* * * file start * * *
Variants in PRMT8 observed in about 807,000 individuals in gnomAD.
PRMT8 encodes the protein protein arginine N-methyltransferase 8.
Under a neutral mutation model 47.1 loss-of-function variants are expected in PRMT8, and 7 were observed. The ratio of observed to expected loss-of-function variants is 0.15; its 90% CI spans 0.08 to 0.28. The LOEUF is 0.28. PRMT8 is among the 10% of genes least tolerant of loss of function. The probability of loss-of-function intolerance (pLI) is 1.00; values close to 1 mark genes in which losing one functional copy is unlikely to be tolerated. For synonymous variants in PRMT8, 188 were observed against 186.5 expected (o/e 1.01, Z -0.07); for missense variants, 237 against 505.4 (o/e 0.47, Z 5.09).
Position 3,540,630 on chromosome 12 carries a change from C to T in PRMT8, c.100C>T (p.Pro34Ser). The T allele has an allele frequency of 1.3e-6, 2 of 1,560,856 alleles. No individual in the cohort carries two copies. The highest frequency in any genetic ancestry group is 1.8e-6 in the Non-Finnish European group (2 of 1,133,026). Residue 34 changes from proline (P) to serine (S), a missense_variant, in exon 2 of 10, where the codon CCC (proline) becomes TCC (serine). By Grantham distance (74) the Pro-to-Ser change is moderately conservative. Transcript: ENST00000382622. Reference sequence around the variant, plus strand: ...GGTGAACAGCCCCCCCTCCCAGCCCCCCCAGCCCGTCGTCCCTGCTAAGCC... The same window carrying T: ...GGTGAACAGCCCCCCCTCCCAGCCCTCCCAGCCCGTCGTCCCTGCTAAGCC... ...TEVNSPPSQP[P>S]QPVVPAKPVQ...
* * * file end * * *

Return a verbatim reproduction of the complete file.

Variants in PRMT8 observed in about 807,000 individuals in gnomAD.
PRMT8 encodes the protein protein arginine N-methyltransferase 8.
Under a neutral mutation model 47.1 loss-of-function variants are expected in PRMT8, and 7 were observed. The ratio of observed to expected loss-of-function variants is 0.15; its 90% CI spans 0.08 to 0.28. The LOEUF is 0.28. PRMT8 is among the 10% of genes least tolerant of loss of function. The probability of loss-of-function intolerance (pLI) is 1.00; values close to 1 mark genes in which losing one functional copy is unlikely to be tolerated. For synonymous variants in PRMT8, 188 were observed against 186.5 expected (o/e 1.01, Z -0.07); for missense variants, 237 against 505.4 (o/e 0.47, Z 5.09).
Position 3,540,630 on chromosome 12 carries a change from C to T in PRMT8, c.100C>T (p.Pro34Ser). The T allele has an allele frequency of 1.3e-6, 2 of 1,560,856 alleles. No individual in the cohort carries two copies. The highest frequency in any genetic ancestry group is 1.8e-6 in the Non-Finnish European group (2 of 1,133,026). Residue 34 changes from proline (P) to serine (S), a missense_variant, in exon 2 of 10, where the codon CCC (proline) becomes TCC (serine). By Grantham distance (74) the Pro-to-Ser change is moderately conservative. Transcript: ENST00000382622. Reference sequence around the variant, plus strand: ...GGTGAACAGCCCCCCCTCCCAGCCCCCCCAGCCCGTCGTCCCTGCTAAGCC... The same window carrying T: ...GGTGAACAGCCCCCCCTCCCAGCCCTCCCAGCCCGTCGTCCCTGCTAAGCC... ...TEVNSPPSQP[P>S]QPVVPAKPVQ...